GEAR LACK ALMOST STOPPED IRAQ OPS

"The top U.S. commander in Iraq complained to the Pentagon last winter that his supply situation was so poor that it threatened Army troops' ability to fight," the Washington Post's Tom Ricks reports.

The lack of key spare parts for gear vital to combat operations, such as tanks and helicopters, was causing problems so severe, Army Lt. Gen. Ricardo S. Sanchez wrote in a letter to top Army officials, that "I cannot continue to support sustained combat operations with rates this low."Senior Army officials said that most of Sanchez's concerns have been addressed in recent months but that they continue to keep a close eye on the problems he identified. The situation is "substantially better" now, said Gary Motsek, deputy director of operations for the Army Materiel Command.Sanchez, who was the senior commander on the ground in Iraq from the summer of 2003 until the summer of 2004, said in his letter that Army units in Iraq were "struggling just to maintain... relatively low readiness rates" on key combat systems, such as M-1 Abrams tanks, Bradley Fighting Vehicles, anti-mortar radars and Black Hawk helicopters.He also said units were waiting an average of 40 days for critical spare parts, which he noted was almost three times the Army's average. In some Army supply depots in Iraq, 40 percent of critical parts were at "zero balance," meaning they were absent from depot shelves.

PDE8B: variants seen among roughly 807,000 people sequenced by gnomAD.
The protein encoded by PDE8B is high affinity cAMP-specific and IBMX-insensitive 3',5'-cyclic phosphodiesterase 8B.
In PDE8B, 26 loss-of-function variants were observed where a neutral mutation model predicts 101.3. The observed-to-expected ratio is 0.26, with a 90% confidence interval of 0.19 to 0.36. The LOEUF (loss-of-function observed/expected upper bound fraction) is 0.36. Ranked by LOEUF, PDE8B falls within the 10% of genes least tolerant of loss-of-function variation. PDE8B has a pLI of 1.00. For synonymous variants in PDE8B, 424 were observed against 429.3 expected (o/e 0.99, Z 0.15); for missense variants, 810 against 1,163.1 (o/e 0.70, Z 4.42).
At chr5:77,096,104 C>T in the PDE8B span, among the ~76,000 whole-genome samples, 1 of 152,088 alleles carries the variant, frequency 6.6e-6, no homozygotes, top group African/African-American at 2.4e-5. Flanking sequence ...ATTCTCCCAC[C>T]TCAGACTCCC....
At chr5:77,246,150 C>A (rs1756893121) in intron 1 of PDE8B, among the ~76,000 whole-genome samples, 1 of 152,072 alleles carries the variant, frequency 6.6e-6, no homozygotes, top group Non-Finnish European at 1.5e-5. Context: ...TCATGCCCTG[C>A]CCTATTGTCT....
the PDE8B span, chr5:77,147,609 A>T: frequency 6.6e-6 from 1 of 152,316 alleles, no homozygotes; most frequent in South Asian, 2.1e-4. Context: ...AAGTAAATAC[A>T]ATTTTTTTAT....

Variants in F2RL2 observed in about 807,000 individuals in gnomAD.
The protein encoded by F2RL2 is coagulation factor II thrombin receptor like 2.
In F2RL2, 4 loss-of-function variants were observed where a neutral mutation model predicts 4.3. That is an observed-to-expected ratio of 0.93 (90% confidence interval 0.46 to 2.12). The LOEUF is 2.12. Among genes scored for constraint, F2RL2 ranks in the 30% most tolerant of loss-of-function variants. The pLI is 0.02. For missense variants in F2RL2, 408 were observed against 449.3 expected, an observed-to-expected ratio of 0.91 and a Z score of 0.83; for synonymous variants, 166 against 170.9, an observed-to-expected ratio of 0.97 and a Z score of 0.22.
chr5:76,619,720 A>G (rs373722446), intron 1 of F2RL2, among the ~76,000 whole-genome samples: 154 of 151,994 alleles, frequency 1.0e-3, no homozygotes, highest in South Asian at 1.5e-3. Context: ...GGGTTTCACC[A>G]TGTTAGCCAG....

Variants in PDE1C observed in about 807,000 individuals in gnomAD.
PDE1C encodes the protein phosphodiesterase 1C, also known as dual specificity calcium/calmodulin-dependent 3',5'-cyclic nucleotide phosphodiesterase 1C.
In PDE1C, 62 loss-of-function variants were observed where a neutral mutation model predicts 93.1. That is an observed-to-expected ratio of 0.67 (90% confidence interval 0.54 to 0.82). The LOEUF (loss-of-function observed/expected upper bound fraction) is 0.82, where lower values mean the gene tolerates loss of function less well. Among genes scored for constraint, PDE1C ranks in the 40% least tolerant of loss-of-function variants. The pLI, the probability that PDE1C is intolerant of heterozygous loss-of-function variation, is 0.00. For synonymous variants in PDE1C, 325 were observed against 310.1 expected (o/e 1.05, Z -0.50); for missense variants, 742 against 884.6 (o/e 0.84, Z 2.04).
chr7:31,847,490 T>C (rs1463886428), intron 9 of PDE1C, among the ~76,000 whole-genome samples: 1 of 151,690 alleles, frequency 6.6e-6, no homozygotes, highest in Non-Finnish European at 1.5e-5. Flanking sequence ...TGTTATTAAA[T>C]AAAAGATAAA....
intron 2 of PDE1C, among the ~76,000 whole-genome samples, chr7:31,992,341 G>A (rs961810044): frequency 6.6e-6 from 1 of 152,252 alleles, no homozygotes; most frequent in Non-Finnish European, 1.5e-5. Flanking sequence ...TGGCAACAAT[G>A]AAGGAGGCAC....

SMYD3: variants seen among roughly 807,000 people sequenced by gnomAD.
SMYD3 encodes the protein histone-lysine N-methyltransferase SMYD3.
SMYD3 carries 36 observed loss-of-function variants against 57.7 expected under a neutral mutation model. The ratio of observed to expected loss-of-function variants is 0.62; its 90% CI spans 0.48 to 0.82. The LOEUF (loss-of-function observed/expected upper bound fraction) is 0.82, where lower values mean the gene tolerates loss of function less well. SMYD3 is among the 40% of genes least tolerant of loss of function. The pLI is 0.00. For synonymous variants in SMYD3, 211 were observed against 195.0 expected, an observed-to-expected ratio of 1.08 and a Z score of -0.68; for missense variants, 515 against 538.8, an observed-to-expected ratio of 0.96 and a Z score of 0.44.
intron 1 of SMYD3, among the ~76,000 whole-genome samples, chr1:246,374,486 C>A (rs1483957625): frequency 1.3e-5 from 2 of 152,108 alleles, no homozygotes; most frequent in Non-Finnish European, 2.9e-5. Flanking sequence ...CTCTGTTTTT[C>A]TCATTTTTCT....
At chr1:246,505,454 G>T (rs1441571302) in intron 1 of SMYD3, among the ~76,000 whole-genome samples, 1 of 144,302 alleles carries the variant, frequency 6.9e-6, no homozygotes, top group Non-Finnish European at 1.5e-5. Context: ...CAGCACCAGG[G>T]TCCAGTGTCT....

THERE'S MORE: As we all know by now, the U.S. miliary is running short on personnel for Iraq, too -- so short, they've decided to deploy their "OPFOR," or opposing force, used to test other units' mettle. That's the equivalent of "eating your seed corn," Phil Carter says.
This unit is responsible for training other units and raising their level of expertise and combat readiness. The 11th ACR is being replaced by a National Guard unit. That's like replacing the Dodgers with a high school baseball team. Sure, they can both play baseball and wear the uniform but one is a whole lot more proficient and experienced at its job. The OPFOR has a reputation as a tough enemy, and that's a good thing because it forces units training at the NTC [Army National Training Center] to become better themselves. By replacing this unit with National Guard troops, the Army has hurt its ability to produce good units for Iraq in the future. Suffice to say, National Guard and active units that go through Fort Irwin aren't going to get the same tough experience they would have with the [11th ACR] as OPFOR and that means they'll be less ready for combat when they get to Iraq. This is a desperation measure, and I think the Army will come to regret it.
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